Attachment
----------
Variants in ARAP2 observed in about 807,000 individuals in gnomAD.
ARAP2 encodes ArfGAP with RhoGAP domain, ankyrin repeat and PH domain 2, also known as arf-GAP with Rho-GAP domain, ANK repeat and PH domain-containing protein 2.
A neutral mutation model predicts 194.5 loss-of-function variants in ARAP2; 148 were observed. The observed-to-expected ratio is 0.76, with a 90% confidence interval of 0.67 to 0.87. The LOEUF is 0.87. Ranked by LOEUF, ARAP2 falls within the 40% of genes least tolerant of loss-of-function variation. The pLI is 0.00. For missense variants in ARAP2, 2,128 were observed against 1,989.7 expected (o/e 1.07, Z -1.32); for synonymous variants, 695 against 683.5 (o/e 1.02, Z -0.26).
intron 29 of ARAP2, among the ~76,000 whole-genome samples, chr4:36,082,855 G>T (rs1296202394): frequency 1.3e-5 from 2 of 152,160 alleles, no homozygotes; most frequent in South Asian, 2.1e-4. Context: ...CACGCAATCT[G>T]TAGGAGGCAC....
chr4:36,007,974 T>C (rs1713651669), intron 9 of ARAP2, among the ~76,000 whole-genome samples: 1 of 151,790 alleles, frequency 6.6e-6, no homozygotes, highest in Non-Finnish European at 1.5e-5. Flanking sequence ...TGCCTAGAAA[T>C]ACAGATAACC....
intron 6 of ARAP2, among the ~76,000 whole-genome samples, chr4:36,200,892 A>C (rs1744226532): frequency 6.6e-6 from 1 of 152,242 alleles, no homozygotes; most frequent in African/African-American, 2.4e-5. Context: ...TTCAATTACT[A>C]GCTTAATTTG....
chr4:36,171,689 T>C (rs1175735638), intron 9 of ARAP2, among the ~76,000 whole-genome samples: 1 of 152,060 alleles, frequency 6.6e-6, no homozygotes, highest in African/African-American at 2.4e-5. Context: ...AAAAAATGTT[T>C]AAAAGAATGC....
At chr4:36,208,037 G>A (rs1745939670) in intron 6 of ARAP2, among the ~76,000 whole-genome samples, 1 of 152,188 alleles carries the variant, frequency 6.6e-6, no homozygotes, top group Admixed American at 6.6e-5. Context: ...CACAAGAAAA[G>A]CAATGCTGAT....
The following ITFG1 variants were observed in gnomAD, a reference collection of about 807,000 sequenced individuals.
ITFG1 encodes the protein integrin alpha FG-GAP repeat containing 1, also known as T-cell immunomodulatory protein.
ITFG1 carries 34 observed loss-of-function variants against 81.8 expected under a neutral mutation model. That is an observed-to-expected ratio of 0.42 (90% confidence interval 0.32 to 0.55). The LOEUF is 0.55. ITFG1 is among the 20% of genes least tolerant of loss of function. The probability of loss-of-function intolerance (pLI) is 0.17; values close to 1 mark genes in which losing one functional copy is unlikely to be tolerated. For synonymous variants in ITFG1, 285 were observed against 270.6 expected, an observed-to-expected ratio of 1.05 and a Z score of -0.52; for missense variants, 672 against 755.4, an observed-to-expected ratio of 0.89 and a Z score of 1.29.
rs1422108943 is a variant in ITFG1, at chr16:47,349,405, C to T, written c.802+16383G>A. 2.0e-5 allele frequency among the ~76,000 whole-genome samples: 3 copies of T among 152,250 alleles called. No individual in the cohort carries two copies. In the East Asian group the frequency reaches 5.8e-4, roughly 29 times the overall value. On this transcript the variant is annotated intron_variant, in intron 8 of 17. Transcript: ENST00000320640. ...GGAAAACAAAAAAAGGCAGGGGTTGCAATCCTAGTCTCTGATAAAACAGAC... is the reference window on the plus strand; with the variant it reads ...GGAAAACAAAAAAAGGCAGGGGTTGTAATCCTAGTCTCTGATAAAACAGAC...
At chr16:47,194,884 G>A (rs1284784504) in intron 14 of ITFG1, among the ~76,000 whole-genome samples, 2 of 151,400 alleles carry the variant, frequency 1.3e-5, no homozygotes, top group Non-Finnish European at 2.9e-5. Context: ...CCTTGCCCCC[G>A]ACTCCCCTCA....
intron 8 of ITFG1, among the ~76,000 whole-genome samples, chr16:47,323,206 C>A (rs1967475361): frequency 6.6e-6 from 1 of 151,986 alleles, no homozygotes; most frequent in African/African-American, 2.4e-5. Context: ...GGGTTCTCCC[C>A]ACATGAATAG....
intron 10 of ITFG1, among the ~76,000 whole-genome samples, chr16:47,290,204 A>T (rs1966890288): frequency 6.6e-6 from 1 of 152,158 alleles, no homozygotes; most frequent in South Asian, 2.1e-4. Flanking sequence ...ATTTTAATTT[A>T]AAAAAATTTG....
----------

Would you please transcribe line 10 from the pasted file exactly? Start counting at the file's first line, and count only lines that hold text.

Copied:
ITFG1 encodes the protein integrin alpha FG-GAP repeat containing 1, also known as T-cell immunomodulatory protein.